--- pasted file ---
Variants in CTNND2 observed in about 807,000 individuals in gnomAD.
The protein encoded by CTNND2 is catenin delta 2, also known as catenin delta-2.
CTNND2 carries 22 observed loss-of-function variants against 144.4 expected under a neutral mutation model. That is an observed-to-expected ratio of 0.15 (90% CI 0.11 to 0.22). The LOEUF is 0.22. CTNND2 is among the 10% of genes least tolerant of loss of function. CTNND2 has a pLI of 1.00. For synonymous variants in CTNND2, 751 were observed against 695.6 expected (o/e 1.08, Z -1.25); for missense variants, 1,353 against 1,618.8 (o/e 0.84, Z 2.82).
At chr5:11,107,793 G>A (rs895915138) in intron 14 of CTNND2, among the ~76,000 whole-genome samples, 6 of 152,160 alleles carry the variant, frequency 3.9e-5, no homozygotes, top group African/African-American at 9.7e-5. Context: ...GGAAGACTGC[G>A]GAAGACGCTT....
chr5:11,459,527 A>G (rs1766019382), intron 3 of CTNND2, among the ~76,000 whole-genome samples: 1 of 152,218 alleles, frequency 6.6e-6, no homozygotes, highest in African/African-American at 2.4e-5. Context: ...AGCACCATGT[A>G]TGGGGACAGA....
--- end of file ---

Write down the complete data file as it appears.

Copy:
Variants in CTNND2 observed in about 807,000 individuals in gnomAD.
The protein encoded by CTNND2 is catenin delta 2, also known as catenin delta-2.
CTNND2 carries 22 observed loss-of-function variants against 144.4 expected under a neutral mutation model. That is an observed-to-expected ratio of 0.15 (90% CI 0.11 to 0.22). The LOEUF is 0.22. CTNND2 is among the 10% of genes least tolerant of loss of function. CTNND2 has a pLI of 1.00. For synonymous variants in CTNND2, 751 were observed against 695.6 expected (o/e 1.08, Z -1.25); for missense variants, 1,353 against 1,618.8 (o/e 0.84, Z 2.82).
At chr5:11,107,793 G>A (rs895915138) in intron 14 of CTNND2, among the ~76,000 whole-genome samples, 6 of 152,160 alleles carry the variant, frequency 3.9e-5, no homozygotes, top group African/African-American at 9.7e-5. Context: ...GGAAGACTGC[G>A]GAAGACGCTT....
chr5:11,459,527 A>G (rs1766019382), intron 3 of CTNND2, among the ~76,000 whole-genome samples: 1 of 152,218 alleles, frequency 6.6e-6, no homozygotes, highest in African/African-American at 2.4e-5. Context: ...AGCACCATGT[A>G]TGGGGACAGA....